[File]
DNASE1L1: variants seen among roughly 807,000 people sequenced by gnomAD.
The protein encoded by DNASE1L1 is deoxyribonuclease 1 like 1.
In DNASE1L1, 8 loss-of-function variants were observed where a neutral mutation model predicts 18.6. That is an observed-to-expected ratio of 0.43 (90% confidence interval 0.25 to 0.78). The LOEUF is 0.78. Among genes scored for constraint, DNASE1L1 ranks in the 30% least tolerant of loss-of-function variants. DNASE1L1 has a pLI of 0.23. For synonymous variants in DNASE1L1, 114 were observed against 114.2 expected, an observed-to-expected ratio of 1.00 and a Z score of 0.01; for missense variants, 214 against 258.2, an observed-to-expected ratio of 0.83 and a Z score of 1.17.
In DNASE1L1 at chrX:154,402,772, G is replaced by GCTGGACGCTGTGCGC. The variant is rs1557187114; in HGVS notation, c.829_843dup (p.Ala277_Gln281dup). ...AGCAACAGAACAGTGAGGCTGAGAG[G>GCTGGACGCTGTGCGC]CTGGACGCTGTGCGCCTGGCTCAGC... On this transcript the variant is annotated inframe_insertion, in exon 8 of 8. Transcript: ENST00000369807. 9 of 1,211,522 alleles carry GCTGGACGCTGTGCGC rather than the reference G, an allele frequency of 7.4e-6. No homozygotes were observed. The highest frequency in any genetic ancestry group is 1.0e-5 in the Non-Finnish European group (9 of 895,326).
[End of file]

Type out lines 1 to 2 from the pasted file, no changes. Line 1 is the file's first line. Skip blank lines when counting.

DNASE1L1: variants seen among roughly 807,000 people sequenced by gnomAD.
The protein encoded by DNASE1L1 is deoxyribonuclease 1 like 1.